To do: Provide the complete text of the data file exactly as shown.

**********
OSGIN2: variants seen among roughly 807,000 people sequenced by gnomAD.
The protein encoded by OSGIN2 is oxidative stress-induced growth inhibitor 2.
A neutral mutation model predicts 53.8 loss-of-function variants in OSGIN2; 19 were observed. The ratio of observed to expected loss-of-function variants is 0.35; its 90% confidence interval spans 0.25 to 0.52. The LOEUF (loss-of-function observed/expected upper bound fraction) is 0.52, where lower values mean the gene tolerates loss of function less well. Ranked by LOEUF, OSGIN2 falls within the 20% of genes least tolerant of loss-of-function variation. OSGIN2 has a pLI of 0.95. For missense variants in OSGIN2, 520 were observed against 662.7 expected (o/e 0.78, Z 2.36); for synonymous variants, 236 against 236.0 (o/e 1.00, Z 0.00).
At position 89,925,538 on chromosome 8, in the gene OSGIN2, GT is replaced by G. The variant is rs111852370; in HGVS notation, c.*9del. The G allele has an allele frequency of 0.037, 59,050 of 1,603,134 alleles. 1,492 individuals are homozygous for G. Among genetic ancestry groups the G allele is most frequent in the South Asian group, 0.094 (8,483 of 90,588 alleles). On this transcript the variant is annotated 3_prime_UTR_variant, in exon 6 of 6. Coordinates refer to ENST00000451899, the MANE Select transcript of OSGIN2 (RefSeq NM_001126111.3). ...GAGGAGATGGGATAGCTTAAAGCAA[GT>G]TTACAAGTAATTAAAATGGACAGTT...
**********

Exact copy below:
OSGIN2: variants seen among roughly 807,000 people sequenced by gnomAD.
The protein encoded by OSGIN2 is oxidative stress-induced growth inhibitor 2.
A neutral mutation model predicts 53.8 loss-of-function variants in OSGIN2; 19 were observed. The ratio of observed to expected loss-of-function variants is 0.35; its 90% confidence interval spans 0.25 to 0.52. The LOEUF (loss-of-function observed/expected upper bound fraction) is 0.52, where lower values mean the gene tolerates loss of function less well. Ranked by LOEUF, OSGIN2 falls within the 20% of genes least tolerant of loss-of-function variation. OSGIN2 has a pLI of 0.95. For missense variants in OSGIN2, 520 were observed against 662.7 expected (o/e 0.78, Z 2.36); for synonymous variants, 236 against 236.0 (o/e 1.00, Z 0.00).
At position 89,925,538 on chromosome 8, in the gene OSGIN2, GT is replaced by G. The variant is rs111852370; in HGVS notation, c.*9del. The G allele has an allele frequency of 0.037, 59,050 of 1,603,134 alleles. 1,492 individuals are homozygous for G. Among genetic ancestry groups the G allele is most frequent in the South Asian group, 0.094 (8,483 of 90,588 alleles). On this transcript the variant is annotated 3_prime_UTR_variant, in exon 6 of 6. Coordinates refer to ENST00000451899, the MANE Select transcript of OSGIN2 (RefSeq NM_001126111.3). ...GAGGAGATGGGATAGCTTAAAGCAA[GT>G]TTACAAGTAATTAAAATGGACAGTT...